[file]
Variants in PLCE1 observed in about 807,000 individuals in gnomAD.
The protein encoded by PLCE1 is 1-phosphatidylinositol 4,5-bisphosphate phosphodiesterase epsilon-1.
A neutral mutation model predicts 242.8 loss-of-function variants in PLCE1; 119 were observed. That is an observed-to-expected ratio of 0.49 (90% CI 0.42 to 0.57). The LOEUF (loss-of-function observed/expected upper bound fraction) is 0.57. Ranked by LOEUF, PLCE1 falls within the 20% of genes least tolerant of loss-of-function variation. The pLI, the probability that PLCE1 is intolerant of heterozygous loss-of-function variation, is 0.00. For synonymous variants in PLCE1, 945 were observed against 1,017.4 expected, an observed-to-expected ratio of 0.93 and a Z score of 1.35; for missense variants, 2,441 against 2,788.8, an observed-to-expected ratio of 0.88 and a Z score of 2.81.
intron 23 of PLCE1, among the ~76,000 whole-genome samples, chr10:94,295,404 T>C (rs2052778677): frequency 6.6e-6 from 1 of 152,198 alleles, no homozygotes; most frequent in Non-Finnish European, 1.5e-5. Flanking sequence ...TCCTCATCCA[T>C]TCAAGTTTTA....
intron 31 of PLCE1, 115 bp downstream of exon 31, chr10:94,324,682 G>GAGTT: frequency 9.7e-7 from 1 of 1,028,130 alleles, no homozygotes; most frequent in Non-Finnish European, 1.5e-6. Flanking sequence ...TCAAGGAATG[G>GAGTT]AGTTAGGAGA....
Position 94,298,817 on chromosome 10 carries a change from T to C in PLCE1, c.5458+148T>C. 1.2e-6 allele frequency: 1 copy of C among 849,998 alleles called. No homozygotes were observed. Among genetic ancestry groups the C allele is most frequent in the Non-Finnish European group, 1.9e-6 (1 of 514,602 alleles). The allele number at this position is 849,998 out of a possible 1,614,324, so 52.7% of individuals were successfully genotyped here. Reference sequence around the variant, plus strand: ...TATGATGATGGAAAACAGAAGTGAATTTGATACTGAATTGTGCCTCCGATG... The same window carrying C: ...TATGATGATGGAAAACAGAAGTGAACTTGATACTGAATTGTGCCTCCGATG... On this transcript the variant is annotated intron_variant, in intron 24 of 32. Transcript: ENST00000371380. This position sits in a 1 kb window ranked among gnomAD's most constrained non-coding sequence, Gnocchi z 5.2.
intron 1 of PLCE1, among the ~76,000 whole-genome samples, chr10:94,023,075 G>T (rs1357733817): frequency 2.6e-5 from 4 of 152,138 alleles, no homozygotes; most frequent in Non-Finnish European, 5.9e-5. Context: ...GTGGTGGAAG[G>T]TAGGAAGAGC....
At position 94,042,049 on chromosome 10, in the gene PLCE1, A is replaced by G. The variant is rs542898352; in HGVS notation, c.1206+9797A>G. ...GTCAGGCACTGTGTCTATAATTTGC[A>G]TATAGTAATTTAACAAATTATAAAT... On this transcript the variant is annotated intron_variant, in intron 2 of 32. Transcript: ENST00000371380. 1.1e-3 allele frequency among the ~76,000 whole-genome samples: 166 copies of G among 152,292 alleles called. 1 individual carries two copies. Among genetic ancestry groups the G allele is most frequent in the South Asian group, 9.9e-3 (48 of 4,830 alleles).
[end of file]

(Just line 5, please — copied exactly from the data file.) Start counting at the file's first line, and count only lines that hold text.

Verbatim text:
intron 31 of PLCE1, 115 bp downstream of exon 31, chr10:94,324,682 G>GAGTT: frequency 9.7e-7 from 1 of 1,028,130 alleles, no homozygotes; most frequent in Non-Finnish European, 1.5e-6. Flanking sequence ...TCAAGGAATG[G>GAGTT]AGTTAGGAGA....